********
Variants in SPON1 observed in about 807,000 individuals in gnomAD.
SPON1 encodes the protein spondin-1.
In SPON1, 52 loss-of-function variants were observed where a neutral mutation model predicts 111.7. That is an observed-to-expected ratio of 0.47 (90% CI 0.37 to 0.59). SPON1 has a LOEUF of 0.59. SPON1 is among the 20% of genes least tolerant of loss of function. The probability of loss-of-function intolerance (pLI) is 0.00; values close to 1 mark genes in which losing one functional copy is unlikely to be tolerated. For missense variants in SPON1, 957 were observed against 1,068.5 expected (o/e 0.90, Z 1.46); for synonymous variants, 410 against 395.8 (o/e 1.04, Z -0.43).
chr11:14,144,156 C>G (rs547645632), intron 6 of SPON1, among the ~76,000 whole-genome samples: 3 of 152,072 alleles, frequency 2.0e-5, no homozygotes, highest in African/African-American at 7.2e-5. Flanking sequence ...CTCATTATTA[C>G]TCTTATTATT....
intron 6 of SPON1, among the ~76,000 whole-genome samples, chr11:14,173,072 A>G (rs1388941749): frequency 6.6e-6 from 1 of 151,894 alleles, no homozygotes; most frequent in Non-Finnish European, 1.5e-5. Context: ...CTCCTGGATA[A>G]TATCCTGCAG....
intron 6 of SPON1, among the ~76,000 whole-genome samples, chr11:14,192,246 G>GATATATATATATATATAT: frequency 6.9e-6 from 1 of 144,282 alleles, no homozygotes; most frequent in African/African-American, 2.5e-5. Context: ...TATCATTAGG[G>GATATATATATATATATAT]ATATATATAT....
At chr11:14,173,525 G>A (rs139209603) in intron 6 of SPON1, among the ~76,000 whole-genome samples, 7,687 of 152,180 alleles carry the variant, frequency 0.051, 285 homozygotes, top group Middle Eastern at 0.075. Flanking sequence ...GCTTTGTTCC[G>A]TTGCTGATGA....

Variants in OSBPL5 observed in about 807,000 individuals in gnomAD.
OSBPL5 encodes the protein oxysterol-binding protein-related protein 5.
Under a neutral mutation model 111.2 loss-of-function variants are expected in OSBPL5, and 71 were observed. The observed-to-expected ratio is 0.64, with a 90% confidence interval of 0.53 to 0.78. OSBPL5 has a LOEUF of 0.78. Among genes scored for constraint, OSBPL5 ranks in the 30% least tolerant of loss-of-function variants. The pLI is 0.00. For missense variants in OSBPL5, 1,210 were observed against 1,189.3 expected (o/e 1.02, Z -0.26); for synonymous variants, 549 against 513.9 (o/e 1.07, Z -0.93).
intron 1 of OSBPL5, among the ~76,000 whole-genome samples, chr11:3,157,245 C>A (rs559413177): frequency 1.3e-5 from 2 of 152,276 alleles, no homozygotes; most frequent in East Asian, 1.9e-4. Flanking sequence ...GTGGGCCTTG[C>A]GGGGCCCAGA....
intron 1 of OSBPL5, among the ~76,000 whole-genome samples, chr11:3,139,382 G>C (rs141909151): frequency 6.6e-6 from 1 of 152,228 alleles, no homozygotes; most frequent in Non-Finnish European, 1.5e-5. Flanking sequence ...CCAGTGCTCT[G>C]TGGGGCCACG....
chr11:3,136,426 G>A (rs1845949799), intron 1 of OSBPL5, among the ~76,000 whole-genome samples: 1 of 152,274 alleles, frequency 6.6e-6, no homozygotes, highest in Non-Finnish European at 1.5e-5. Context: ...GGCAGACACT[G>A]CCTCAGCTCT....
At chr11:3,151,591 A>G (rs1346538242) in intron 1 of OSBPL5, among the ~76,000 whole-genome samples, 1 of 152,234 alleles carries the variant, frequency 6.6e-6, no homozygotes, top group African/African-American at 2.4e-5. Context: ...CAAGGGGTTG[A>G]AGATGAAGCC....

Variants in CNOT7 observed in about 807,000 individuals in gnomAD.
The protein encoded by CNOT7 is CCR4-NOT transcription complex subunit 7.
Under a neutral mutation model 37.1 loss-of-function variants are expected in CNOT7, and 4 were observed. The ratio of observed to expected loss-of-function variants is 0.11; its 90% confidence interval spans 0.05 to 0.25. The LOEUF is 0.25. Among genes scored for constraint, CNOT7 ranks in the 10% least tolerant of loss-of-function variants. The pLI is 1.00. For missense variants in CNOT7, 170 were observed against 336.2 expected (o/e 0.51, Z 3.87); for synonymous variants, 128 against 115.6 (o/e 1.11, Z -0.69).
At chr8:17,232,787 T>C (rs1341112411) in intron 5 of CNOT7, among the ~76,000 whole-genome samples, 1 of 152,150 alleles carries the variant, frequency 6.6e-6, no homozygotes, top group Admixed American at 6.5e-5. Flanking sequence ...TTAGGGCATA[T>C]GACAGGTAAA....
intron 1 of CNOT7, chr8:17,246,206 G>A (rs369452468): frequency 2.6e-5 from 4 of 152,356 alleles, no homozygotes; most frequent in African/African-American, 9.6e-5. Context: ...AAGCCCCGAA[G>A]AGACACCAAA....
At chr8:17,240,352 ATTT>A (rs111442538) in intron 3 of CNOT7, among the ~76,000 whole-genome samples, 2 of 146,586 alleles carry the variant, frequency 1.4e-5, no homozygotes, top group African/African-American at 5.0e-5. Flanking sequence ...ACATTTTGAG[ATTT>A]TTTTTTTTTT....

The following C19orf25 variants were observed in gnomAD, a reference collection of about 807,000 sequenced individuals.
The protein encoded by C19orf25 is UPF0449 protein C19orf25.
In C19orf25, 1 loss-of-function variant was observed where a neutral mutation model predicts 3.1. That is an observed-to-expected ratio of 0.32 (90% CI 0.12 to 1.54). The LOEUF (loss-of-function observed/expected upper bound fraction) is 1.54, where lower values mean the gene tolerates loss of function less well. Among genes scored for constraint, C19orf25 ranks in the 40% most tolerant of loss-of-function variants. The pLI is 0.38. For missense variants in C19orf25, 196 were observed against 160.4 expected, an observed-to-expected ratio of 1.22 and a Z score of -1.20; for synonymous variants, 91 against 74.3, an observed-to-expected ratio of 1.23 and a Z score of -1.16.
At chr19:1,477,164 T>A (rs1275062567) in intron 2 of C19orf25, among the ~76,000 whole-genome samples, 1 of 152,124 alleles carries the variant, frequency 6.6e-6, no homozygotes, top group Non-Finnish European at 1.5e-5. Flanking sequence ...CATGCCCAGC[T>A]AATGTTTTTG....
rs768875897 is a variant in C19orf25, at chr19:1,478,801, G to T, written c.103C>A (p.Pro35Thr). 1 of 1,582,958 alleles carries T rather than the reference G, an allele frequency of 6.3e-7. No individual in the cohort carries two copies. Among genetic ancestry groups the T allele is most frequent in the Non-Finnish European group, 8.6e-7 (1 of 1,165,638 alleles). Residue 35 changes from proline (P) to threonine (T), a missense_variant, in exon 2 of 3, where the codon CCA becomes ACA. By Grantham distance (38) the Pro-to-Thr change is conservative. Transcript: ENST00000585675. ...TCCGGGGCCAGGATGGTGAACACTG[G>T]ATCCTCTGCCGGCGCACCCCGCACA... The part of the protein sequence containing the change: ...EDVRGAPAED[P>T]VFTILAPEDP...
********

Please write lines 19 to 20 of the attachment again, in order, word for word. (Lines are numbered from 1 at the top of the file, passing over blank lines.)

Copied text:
intron 1 of CNOT7, chr8:17,246,206 G>A (rs369452468): frequency 2.6e-5 from 4 of 152,356 alleles, no homozygotes; most frequent in African/African-American, 9.6e-5. Context: ...AAGCCCCGAA[G>A]AGACACCAAA....
At chr8:17,240,352 ATTT>A (rs111442538) in intron 3 of CNOT7, among the ~76,000 whole-genome samples, 2 of 146,586 alleles carry the variant, frequency 1.4e-5, no homozygotes, top group African/African-American at 5.0e-5. Flanking sequence ...ACATTTTGAG[ATTT>A]TTTTTTTTTT....